Internalized bias: How grooming works on all of us
There are a lot of reasons that guilt, shame and self-blame are significant symptoms after trauma related to sexual violence. One reason is that myths are used not only on the survivor, but also on the audience—which includes all of us. Myths used by the perpetrator show up as sources of shame for many survivors as well as being internalized by all of us and externalized by many. They tend to fall into three categories:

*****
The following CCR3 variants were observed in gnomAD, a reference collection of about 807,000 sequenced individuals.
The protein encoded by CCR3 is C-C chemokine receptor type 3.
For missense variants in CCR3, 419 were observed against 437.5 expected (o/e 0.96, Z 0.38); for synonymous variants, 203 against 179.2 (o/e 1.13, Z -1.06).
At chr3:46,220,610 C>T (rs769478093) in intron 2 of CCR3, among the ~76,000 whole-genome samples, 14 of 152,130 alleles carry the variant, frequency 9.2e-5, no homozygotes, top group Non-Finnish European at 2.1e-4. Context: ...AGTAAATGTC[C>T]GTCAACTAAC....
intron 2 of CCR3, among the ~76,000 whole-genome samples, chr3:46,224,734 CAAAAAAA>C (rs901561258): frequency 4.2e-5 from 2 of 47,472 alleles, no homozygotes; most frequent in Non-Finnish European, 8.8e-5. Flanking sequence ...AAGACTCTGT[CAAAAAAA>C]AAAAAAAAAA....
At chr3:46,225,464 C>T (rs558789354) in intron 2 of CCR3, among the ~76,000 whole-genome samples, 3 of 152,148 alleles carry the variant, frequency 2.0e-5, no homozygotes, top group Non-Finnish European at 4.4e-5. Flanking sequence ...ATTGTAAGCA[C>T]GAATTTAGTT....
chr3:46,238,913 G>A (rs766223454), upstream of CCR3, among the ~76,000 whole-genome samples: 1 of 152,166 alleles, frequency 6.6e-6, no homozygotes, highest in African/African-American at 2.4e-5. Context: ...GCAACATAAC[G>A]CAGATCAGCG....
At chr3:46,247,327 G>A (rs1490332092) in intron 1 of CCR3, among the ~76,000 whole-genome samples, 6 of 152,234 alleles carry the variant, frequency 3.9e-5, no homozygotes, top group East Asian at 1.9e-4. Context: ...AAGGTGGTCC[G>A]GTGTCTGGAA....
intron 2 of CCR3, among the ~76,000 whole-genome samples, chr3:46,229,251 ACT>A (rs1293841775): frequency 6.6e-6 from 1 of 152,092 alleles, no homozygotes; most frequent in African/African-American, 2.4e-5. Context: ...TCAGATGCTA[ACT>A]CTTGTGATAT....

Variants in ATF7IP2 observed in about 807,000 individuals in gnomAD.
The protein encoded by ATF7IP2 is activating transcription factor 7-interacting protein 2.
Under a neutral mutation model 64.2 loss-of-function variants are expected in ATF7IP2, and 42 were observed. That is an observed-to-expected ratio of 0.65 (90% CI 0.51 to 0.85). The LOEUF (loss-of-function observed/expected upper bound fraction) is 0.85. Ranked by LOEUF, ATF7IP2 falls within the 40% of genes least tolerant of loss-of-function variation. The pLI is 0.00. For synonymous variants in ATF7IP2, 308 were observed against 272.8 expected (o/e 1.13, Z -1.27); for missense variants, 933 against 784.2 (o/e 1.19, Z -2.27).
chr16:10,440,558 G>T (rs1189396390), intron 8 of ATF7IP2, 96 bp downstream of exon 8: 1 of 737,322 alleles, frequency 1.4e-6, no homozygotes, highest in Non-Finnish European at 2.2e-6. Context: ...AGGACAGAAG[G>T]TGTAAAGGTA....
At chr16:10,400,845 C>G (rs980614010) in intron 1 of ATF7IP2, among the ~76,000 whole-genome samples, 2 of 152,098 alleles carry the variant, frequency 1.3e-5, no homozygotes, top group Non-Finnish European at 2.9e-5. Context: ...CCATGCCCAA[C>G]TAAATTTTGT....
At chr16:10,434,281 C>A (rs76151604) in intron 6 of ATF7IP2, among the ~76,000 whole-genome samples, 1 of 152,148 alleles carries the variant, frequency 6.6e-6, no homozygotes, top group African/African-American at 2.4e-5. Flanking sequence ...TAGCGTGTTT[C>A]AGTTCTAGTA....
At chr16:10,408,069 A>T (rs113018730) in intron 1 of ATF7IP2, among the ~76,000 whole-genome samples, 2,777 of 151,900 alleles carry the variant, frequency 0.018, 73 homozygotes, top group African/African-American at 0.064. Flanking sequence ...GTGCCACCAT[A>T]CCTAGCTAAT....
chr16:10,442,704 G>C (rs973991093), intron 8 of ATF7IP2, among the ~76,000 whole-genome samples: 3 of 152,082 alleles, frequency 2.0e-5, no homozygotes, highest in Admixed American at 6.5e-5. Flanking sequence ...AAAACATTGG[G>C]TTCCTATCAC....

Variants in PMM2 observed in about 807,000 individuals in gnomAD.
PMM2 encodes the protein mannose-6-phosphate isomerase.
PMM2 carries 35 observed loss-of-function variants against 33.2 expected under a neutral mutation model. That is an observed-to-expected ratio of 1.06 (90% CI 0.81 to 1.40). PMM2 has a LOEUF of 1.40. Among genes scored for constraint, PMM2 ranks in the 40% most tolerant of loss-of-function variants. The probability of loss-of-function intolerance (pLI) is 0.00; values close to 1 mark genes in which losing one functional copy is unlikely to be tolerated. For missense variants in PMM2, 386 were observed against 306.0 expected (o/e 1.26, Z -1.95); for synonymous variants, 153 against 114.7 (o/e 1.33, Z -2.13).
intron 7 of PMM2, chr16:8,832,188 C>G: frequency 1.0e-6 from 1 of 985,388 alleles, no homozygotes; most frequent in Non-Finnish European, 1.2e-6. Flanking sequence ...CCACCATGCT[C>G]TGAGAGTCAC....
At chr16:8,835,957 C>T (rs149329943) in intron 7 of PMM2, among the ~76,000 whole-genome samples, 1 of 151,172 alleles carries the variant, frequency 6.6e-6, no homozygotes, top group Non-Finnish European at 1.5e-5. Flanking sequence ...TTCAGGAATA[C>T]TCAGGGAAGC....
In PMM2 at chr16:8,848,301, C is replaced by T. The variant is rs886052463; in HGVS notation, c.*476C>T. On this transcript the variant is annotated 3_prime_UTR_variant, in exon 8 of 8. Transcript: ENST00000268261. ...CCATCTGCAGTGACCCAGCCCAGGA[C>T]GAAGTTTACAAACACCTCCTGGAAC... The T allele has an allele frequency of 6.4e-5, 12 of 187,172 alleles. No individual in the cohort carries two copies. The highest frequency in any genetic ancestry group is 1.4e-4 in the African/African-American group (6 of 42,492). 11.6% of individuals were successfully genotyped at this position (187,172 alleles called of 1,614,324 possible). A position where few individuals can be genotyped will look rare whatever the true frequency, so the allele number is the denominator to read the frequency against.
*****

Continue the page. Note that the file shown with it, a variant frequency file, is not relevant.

Victim masochism: he/she/ze liked it. Perpetrators’ claims that “I don’t need to rape anyone, I get plenty of sex” also fall into this category. It includes the mistaken claim that rape is sex.
Victim precipitation: this one seems to be very popular right now. We’ve all heard the script, now it just has a name.
Victim fabrication: This one is the most straightforward. There are many ways to claim that someone lied, but jokes about regretting having sex give it a lot of power. It’s probably also the most baffling to anyone who has endured the ordeal that is making a report of sexual assault.